The Beatles did not get much Grammy love in the 1960s and 1970s, winning only three awards and one national trustee award. The Beatles won a Lifetime Achievement Award in 2014.
Although the band didn't agree with Martin's assessment of Starr's musicianship, he brought in a studio musician to play drums for this song. The Beatles thought that Starr was the better drummer.
This song was rumored to be about McCartney's ex-girlfriend, Jane Asher. But the title itself was a tribute to his beloved sheepdog, Martha. She lived to the ripe old age of 15.
The first lines of "Hey Jude" were written about Julian Lennon, who was a small boy at the time of his parents' divorce. McCartney has spoken about how many people thought Jude was a reference to Jewish people ("Juden" being the German word for "Jews"). He asserted that was never his intention.
The Beatles were able to cash in on the large exposure that "The Ed Sullivan Show" gave them. They performed 20 songs on his show.
"I Want to Hold Your Hand" spent seven straight weeks at No. 1. It was taken over by "She Loves You," which was then taken over by "Can't Buy Me Love."
This song was never released as a single in the U.K. or in the U.S. It was released as a single in Canada and, as an import, peaked at number 45 on the Billboard Hot 100.
Elvis Presley sent the telegram, congratulating the Beatles. The telegram was signed "Elvis & The Colonel," meaning Elvis' manager, Col. Tom Parker.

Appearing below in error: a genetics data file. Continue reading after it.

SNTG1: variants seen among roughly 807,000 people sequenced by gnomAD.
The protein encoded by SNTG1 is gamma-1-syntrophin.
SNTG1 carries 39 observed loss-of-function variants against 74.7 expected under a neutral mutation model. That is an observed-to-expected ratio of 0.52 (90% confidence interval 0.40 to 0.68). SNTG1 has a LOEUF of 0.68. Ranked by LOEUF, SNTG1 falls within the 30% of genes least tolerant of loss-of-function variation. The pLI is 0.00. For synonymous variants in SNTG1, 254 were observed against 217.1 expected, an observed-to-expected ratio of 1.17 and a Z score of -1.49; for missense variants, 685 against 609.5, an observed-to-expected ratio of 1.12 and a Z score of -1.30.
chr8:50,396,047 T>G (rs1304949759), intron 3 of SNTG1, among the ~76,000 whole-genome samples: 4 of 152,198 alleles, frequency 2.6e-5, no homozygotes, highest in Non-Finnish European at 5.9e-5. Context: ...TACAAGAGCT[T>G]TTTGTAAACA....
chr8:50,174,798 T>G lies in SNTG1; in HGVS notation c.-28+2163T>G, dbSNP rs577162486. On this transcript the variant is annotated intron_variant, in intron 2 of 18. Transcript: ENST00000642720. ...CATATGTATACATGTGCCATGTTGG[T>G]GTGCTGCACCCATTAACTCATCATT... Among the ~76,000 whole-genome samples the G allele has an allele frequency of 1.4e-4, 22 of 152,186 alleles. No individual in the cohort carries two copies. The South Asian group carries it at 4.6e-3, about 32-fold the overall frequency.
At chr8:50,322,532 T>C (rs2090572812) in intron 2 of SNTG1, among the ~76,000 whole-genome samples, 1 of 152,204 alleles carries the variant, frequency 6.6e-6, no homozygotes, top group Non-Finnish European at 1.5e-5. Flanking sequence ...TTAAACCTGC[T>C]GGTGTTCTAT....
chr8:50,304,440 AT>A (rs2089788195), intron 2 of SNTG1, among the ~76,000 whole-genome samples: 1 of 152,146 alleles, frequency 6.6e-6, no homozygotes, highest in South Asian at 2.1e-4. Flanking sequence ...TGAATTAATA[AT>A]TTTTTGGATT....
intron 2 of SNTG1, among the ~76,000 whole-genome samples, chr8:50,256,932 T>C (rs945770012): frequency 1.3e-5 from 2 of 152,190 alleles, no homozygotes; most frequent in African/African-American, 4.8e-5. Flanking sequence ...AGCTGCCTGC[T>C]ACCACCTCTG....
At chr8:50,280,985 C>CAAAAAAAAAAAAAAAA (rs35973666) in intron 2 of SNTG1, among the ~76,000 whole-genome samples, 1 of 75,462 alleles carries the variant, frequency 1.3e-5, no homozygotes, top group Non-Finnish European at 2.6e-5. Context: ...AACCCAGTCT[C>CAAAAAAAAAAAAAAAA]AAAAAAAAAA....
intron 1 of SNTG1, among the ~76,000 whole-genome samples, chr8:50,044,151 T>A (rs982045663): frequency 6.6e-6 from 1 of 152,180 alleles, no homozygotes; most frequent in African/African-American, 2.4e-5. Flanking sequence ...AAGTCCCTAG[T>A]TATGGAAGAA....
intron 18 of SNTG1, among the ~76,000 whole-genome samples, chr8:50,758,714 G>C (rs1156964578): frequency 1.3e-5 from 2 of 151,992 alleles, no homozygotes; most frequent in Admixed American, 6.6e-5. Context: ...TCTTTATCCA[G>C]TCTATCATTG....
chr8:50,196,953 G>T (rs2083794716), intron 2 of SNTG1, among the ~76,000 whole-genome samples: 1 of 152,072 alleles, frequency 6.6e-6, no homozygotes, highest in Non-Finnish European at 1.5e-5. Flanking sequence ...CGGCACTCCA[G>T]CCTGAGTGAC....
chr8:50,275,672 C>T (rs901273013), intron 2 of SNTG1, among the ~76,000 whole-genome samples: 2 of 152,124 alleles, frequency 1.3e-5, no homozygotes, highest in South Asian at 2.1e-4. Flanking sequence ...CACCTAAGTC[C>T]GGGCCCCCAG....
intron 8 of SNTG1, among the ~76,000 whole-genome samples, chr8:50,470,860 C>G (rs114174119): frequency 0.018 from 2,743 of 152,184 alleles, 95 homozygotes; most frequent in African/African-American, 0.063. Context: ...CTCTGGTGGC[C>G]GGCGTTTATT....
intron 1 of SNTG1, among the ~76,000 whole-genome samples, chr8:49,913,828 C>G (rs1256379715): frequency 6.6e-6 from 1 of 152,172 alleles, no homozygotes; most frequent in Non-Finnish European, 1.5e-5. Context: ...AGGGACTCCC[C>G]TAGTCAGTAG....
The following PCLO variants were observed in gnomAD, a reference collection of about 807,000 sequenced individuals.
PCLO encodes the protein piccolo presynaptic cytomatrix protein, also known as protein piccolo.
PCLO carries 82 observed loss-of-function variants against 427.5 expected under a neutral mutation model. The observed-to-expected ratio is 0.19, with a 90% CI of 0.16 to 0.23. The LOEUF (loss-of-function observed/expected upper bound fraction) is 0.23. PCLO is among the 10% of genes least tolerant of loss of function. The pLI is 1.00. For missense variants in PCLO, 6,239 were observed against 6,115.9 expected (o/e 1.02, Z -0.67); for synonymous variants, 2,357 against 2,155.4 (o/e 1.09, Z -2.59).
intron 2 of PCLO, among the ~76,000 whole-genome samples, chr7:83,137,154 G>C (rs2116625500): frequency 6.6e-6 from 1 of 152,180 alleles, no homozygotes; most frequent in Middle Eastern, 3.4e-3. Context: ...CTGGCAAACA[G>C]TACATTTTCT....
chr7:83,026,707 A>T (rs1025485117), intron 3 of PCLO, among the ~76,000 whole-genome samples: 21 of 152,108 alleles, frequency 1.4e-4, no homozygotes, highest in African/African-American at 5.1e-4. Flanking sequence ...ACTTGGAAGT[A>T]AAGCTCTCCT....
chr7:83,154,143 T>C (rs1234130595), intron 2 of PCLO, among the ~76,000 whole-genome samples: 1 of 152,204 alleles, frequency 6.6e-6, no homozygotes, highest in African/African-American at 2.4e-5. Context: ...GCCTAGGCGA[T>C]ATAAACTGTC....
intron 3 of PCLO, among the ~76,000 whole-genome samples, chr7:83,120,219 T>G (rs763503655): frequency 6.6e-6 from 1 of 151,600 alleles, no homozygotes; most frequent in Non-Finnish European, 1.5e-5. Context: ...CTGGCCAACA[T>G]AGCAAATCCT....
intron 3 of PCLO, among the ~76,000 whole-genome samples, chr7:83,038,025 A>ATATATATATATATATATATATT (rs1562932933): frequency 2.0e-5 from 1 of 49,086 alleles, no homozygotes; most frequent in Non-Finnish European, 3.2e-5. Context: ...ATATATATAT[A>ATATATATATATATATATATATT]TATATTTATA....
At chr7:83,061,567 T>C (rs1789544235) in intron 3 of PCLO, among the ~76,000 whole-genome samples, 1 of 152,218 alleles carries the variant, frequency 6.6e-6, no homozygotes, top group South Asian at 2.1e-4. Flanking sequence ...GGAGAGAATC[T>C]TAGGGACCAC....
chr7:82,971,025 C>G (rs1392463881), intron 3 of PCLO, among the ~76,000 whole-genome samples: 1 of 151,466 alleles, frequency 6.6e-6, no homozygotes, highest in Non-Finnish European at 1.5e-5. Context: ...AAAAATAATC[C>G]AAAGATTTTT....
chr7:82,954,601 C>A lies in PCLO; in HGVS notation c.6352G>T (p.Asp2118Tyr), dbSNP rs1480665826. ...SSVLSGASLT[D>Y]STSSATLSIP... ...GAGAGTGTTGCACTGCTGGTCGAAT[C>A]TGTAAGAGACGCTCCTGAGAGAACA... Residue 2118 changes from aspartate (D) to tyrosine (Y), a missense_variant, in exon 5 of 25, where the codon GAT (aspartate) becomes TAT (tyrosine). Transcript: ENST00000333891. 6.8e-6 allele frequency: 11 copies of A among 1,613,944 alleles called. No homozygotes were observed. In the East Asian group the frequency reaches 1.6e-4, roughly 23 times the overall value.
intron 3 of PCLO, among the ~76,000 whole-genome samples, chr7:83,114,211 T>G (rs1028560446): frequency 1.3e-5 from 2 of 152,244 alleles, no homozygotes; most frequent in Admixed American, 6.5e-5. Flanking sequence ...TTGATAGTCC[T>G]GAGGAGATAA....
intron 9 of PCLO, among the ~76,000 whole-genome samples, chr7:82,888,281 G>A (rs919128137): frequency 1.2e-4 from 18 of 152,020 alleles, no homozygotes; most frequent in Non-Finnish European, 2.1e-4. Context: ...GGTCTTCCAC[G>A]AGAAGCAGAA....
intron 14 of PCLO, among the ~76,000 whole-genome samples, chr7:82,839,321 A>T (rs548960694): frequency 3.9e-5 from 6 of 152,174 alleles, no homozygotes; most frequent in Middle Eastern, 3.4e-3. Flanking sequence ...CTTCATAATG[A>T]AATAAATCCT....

Two days after the Beatles appeared on "The Ed Sullivan Show," they had their first American concert in Washington, D.C., at the Washington Coliseum. There were 8,000 fans in attendance.
Because of the heat, McCartney is in sandals in other photos. He told a reporter from "LIFE" magazine who trekked to his farm in Scotland this: “Can you spread it around that I am just an ordinary person and want to live in peace?”
Julia Lennon's death had a profound effect on John. It was a bond he shared with Paul, who lost his mother in his teens as well.
Let's assume an April 1970 breakup, when Paul made an announcement to the public. "My Sweet Lord" hit No. 1 at the end of 1970. Harrison lost a plagiarism lawsuit over this song for its similarities to the Chiffons' "He's So Fine," which was written by Ronnie Mack. This was an ongoing legal battle that ended in 1998 and set a precedent for future litigation over plagiarism.
McCartney explained that he had the tune of "Yesterday," but he couldn't find the lyrics. He used "scrambled eggs" as a placeholder as he worked on the song.
"The End" really was the end for the Beatles. The last recorded song was "I Me Mine," but it was recorded without Lennon.
Phil Spector came to help a beleaguered band and album. George Martin, the original producer, felt that Spector overproduced the album, and Paul expressed concerns as well. John thought he did a good job, considering the state of the album. Spector would get the production credit for the album.